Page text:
So yesterday’s Giants-Dodgers game was the place to be. Both teams are doing well in the National League West, the Giants in first place, the Dodgers in second. The Giants have a lot of young players; even Jose, who keeps up with these things, didn’t recognize some of them. The weather was baseball-perfect: mild, about 70 degrees, with fleecy white clouds scudding in front of a hot sun. The boats were gathered in McCovey Cove, hoping to scoop up a home run ball.

We had good seats, on the ground level, about seven rows up from the first-base line.

Jose had brought two of his grandsons, ages six and nine. This was their first-ever professional baseball game, and it had also been their first time on a ferry boat: they’d come over from Larkspur. I told the younger boy, Max, that something very special was going to happen in the seventh inning.

“Will they squirt water?” he asked. He thought the giant scoreboard had some kind of contraption.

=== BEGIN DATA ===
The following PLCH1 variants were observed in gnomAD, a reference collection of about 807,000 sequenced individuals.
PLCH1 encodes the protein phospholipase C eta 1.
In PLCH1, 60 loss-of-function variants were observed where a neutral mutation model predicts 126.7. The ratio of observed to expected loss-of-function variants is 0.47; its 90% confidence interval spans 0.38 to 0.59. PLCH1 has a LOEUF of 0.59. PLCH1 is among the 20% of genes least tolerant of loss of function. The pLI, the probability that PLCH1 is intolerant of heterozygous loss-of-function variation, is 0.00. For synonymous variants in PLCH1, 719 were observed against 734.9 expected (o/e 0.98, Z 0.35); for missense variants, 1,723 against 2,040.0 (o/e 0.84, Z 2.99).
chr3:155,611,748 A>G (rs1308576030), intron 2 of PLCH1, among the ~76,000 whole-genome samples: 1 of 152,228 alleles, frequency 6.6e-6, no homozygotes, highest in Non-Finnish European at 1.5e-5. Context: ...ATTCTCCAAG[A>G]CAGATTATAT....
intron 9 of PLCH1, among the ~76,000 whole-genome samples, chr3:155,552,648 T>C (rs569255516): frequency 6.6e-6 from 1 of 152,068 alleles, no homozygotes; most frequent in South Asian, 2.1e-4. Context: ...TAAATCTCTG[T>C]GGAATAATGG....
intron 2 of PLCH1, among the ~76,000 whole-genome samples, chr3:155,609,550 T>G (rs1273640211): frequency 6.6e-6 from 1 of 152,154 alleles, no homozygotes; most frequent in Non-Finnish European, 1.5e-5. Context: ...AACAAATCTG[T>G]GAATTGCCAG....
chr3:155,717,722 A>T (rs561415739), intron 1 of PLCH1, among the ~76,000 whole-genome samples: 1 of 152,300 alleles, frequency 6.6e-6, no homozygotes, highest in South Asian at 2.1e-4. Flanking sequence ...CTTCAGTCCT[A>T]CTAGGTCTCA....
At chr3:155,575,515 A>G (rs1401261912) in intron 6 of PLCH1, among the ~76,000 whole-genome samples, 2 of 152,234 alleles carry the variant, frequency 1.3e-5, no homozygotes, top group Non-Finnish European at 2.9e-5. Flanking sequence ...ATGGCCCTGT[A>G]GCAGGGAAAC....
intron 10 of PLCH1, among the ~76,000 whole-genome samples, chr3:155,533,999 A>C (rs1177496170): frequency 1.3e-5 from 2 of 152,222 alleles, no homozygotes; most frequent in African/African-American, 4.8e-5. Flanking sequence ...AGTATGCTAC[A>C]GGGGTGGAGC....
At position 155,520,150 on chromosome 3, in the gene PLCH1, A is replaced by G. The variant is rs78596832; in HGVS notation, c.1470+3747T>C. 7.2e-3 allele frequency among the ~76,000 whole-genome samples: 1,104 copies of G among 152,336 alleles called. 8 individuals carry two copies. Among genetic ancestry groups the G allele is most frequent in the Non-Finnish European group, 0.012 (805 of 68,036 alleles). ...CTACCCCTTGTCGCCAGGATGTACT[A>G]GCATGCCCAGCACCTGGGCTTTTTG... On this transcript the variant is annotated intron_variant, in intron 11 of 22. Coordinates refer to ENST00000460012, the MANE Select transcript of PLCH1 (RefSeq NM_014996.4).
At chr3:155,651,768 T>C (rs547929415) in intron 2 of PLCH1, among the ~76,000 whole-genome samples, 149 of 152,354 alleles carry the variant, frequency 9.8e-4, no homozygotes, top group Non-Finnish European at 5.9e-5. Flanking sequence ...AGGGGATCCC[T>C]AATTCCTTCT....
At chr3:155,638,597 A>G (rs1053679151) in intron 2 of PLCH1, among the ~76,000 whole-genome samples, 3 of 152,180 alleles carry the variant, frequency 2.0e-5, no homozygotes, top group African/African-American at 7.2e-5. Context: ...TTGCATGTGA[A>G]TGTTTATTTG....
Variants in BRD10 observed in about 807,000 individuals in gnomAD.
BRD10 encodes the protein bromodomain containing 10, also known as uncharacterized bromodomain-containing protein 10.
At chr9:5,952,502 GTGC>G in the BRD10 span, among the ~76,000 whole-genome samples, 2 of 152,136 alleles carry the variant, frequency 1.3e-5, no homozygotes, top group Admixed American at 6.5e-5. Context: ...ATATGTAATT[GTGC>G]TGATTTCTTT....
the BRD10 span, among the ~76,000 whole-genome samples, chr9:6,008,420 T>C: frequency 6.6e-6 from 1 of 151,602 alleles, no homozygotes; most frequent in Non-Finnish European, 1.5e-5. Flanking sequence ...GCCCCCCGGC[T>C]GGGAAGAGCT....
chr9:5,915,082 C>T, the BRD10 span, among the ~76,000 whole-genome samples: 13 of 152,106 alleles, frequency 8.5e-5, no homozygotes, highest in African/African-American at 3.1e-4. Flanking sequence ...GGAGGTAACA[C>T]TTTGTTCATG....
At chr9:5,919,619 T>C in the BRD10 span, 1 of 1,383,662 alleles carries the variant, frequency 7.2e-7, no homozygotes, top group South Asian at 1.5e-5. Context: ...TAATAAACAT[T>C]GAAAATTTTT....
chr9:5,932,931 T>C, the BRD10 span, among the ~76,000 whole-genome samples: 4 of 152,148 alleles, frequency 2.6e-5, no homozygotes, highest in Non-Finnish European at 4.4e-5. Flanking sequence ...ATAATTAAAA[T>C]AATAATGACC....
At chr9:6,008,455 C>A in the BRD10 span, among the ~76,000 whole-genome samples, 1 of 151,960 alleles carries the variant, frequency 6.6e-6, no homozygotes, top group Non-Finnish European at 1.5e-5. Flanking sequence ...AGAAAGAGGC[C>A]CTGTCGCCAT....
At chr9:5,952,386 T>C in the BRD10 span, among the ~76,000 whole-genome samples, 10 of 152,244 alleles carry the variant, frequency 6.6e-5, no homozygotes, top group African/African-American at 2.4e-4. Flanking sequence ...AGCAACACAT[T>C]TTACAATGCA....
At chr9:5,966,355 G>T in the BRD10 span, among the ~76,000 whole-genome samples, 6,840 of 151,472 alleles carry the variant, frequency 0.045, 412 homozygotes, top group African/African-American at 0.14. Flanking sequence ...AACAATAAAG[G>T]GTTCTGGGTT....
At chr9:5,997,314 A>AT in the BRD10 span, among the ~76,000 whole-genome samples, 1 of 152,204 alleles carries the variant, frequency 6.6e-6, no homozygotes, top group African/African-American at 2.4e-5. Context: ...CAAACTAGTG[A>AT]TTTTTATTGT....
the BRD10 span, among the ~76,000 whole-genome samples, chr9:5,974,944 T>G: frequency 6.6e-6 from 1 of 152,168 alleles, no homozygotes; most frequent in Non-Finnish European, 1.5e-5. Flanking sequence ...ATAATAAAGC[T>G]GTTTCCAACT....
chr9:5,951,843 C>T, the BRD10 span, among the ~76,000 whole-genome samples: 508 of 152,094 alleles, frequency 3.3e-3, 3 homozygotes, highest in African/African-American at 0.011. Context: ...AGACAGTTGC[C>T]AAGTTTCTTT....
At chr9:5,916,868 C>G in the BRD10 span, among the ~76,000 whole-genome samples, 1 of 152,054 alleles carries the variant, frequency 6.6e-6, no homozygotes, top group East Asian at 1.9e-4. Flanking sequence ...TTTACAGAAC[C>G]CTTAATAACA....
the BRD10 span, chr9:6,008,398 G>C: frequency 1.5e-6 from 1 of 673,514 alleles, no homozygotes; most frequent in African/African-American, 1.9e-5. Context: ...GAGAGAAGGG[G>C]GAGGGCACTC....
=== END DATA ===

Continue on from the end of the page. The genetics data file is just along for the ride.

“You’ll just have to wait and see.”

At the seventh inning everyone rose, and 35,000 people lustily sang “Take Me Out to the Ball Game.” I’ve been singing that song at ballgames for 65 years and I still love it.

Many people weren’t masked. I had thought that, with the delta variant, they would be, but no. I was, and so were Jose and the kids.

But people were just so happy to be outside, at Oracle Park, on a beautiful day. Probably most of them had been vaccinated, and they felt that, having done their part, they didn’t have to mask. That’s the conversation going on now in America.